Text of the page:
A statement from the South Windsor Police Department noted that Officer Lovett was hired by the department in April of 2018 and showed promise immediately after completing his training at the Connecticut Police Academy in September of that same year:

“During the training and evaluation period, Officer Lovett demonstrated himself to be proactive, effective and a valuable team player. He was assigned as a patrol officer in the Operations Division where he excelled and grew as a new officer.”

During his time with the South Windsor Police Department, Officer Lovett had worked with the Criminal Investigations Bureau and the East Central Narcotics Task Force, where the department highlighted that his time with the task force proved that he was “a valuable asset to the team and continued to grow in his abilities.”

The South Windsor Police Department also shared the fallen officer’s numerous accolades and certifications he attained during his three years with the department:

“Officer Lovett has received numerous letters of appreciation from the public, he is the recipient of the 2020 Mothers against Drunk Driving (MADD) recognition award, he served as an Emergency Medical Technician (EMT) within our department, a certified Crisis Intervention Team (CIT) member, and he held numerous investigation and narcotic training certificates.”

In a statement following Officer Lovett’s passing shared by the Wethersfield Police Department, the department expressed the frustration of the young officer losing his life from a “preventable” tragedy of impaired driving:

“As fellow police officers we grieve for Ben and are frustrated because this tragedy was entirely preventable. There is no excuse for drunk/drugged driving. This senseless act ruined the lives of countless people and took the life of a beloved son, brother, and police officer.”

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Back in June, we at Law Enforcement Today reported on another officer that was killed while off-duty that authorities say was struck by a driver while trying to help others involved in a separate crash. 

Here’s that previous report. 

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SEATTLE, WA – An off-duty Seattle Police officer was reportedly killed during the early morning hours of June 13th while assisting on the site of a multi-vehicle crash on the southbound lanes of Interstate 5.

Officials say that the officer was struck by a vehicle involved in a subsequent crash.

The slain officer has been identified as 38-year-old Officer Alexandra Brenneman Harris.

According to the Washington State Patrol, there was a multi-vehicle crash that occurred slightly before midnight near the Spokane Street on-ramp on the Interstate 5 South.

Reports indicate that as many as 10 vehicles were involved in the crash, causing severe backups along the interstate.

Calls then came in about a subsequent multi-vehicle crash that occurred at approximately 1:18 a.m. near Columbian along the backup caused by the first crash. Officer Harris had reportedly just finished up her shift and stopped to assist those involved in second the crash.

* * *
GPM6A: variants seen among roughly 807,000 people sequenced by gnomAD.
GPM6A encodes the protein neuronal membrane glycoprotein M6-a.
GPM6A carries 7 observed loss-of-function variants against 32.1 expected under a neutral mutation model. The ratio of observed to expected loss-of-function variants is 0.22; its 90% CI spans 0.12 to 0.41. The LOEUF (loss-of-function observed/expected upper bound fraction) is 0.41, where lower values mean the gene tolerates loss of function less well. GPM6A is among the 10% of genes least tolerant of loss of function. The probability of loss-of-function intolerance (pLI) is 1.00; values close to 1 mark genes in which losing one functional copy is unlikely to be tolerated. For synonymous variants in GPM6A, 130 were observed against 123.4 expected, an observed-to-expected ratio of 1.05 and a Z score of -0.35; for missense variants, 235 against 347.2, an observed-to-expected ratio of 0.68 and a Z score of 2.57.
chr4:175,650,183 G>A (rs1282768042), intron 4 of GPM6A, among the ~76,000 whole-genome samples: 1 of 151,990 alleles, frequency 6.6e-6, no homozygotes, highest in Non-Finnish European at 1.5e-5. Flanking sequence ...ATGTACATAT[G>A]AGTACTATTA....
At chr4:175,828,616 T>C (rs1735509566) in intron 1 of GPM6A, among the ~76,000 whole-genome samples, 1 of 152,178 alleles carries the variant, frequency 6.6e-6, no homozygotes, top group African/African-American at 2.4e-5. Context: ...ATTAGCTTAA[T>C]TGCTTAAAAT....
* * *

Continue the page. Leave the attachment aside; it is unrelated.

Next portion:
Officials say that after Officer Harris had stopped to render assistance, a yet-to-be named driver struck the officer, with the officer sadly died at the scene. Officials say that the driver who struck the officer remained at the scene and is cooperating with authorities.

However, a then-unknown suspect at the scene where Officer Harris was killed had stolen the officer’s personal vehicle. Police later found the fallen officer’s vehicle abandoned during the morning of June 13th.

On June 17th, investigators with Washington State Patrol said they arrested the suspect believed to have stolen Officer Harris’ vehicle

Washington State Patrol identified the suspect as 49-year-old Roger Lee Owens Jr. of Seattle, who was arrested after being found at a motel in the Eastgate area of Bellevue at 9:22 p.m. on June 17th. 

Owens was later charged with felony hit-and-run, theft of a motor vehicle, possession of stolen property, possession of a stolen firearm and identity theft.

It’s unclear as of this writing whether any criminal charges are being considered regarding the driver that allegedly struck Officer Harris, as the Washington State Patrol are still investigating the matter.

Brandi Kruse, host of the Q13 Fox program “The Divide with Brandi Kruse,” took to Twitter to share some of the kind words spoken by current and former Seattle Police officers regarding Officer Harris:

“She was a real life Wonder Woman,” said a former SPD officer who left the agency last year. “(She) exemplified what it meant to be a well-respected, driven, self-motivated, hard working, squared away human being.

“I was truly in awe of her motivation, dedication and ability to excel at damn near everything she did. As one of the very few female cops that I looked up to and aspired to be like, she naturally outperformed many of her male counterparts…

“…and was exactly who you’d want by your side and as your backup. It’s no surprise to hear that (she) selflessly put the safety of others before her own, but it is tragic and heartbreaking to know that she lost her life doing just that.

“(Her) death is a particularly tough loss that will be felt by so many people who she positively impacted. (She) lived a tremendously meaningful life and will be sorely missed.”

Officer Harris served with the Seattle Police Department for five years before her passing.

This is a ongoing investigation. 

Please follow Law Enforcement Today as we continue to gather further insight into this developing case.